STS.004 | Fall 2013 | Undergraduate

Science, Technology, & World


Course Meeting Times

Seminars: 2 sessions / week, 1.5 hours / session


This is a brand new class intended as an Introduction to STS Studies for undergraduates—something the STS Program has never offered before. You have the opportunity to take the class on its maiden voyage. This class was designed in detail by other MIT undergraduates who were enrolled in an upper-class STS seminar last fall. The team project throughout the term was to design an Intro to STS subject for undergraduates. In numerous ways the features of STS.004 reflect the collective wisdom of your fellow students, and you can add to that wisdom by giving the subject its first full workout.

Official Catalog Description: STS.004 introduces students to multidisciplinary studies in Science, Technology, and Society (STS), using four case studies to illustrate a broad range of approaches to basic principles of STS studies. Case studies vary from year to year, but always include a current MIT event. Other topics are drawn from legal and political conflicts, and arts and communication media. Teaching modes include guest presenters, discussion groups, field activities, visual media, and a practicum style of learning.





If you miss any class due to an unavoidable conflict (such as a job interview), you need to discuss make-up work with the instructor in advance.

Laptop Policy

Please bring copies of your written work and of any readings to class, whether on a computer or in hard copy. You are welcome to use a computer in class so long as it is for class-related work only.

Academic Honesty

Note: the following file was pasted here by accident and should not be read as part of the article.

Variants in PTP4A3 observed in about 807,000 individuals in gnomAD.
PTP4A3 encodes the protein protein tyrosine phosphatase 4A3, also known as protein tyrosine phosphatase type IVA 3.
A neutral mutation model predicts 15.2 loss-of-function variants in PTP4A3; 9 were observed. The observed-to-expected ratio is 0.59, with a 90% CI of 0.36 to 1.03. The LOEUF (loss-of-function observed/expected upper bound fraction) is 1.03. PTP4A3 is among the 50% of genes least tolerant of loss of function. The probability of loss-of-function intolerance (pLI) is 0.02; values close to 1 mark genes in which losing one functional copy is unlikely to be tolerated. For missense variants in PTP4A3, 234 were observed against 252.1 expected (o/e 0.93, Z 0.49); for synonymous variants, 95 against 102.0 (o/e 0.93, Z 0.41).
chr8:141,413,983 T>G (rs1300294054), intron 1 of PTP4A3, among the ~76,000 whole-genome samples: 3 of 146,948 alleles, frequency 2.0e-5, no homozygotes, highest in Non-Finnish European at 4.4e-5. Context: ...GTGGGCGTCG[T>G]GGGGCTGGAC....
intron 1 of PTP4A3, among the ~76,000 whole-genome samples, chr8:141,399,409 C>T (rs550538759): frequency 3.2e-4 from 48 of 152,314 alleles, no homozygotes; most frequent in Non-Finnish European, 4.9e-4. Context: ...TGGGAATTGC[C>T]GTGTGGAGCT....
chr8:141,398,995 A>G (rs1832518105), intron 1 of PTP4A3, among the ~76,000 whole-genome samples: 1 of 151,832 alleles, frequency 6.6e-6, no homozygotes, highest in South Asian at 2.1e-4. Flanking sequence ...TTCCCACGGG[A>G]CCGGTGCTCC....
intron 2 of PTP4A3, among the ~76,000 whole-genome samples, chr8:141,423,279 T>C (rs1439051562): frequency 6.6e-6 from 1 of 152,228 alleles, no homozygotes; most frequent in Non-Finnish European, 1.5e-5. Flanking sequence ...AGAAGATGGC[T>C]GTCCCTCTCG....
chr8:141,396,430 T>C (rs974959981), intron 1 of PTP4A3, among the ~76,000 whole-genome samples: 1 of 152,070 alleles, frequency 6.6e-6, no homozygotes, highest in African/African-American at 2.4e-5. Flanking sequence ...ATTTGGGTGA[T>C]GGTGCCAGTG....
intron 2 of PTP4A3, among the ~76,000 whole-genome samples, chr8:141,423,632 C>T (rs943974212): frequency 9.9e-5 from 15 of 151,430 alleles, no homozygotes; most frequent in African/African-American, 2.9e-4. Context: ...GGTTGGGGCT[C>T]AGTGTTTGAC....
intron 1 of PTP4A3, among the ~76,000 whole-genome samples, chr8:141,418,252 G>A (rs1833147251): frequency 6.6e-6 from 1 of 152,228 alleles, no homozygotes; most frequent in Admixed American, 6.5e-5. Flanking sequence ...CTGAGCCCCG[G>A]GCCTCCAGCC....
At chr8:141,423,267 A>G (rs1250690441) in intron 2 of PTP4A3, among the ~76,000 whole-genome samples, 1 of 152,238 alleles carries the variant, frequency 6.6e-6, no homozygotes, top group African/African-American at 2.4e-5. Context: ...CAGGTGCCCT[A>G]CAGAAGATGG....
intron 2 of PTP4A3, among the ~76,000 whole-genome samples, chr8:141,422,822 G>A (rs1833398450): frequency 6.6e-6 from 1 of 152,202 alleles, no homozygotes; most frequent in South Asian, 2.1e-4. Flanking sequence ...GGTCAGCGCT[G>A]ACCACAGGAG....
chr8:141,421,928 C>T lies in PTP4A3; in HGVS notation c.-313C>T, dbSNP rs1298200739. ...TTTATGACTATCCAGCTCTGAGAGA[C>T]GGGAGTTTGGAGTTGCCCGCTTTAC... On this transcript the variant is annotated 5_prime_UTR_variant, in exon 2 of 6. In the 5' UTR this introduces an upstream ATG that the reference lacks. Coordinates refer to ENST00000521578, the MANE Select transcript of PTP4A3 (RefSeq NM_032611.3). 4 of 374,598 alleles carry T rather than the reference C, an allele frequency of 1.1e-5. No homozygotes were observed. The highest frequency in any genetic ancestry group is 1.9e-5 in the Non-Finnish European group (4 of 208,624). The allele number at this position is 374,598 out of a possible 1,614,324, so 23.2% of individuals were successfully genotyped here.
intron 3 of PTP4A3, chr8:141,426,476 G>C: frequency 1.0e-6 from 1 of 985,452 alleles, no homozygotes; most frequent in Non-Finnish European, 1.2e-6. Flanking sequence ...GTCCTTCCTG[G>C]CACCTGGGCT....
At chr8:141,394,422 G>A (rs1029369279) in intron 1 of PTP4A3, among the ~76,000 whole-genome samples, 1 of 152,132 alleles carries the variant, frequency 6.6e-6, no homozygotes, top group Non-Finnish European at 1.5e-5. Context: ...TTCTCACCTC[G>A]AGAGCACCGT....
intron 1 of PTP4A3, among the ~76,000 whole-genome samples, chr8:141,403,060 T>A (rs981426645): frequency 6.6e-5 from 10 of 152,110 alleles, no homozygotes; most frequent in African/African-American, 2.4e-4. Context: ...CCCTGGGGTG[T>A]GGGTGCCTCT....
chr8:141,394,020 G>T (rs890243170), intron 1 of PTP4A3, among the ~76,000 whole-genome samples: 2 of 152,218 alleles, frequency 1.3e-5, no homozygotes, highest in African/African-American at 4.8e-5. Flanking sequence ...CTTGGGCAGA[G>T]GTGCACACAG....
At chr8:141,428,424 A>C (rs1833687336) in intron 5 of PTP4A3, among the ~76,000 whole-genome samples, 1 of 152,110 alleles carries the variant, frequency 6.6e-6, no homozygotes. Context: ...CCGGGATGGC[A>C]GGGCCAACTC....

We will discuss MIT’s principles and procedures as summarized in MIT’s Academic Integrity Handbook, especially the sections on Academic Writing.

Collaboration is encouraged in discussing the work of the class. The work itself (writing papers, preparation of oral reports, taking quizzes) must be done on your own.


Note that some short assignments are due the morning of the class day. This will allow time for the instructor to review them before class discussion in the afternoon.


Session 3: Current event as STS

Session 12: Op-ed on Swartz case [required revision due by session 24.]

Oral Presentations

Session 14: Further background / comment on Asilomar / Cambridge City Council

Written and Oral

Session 6: MIT 150th Exhibit examples (3 items)

Session 20: Photography project

Sessions 25, 26: Student final reports


Session 7: Key words and concepts

There is no final exam


All written work will be graded for content, organization, clarity, and correctness. If the work is careless, sloppy, or otherwise unacceptable, you will be required to revise it. One paper (the op-ed assignment) must be revised. All papers may be revised, with permission from and preliminary discussion with the instructor.

Op-ed (on Swartz case) 13
Op-ed revision 13
Photography project 13
Final reports 13
Quiz 13
Current Event As STS (paper) 5
Further background / comment on Asilomar / Cambridge City Council 5
MIT 150 Examples 5
Other assignments 5
Attendance and participation 15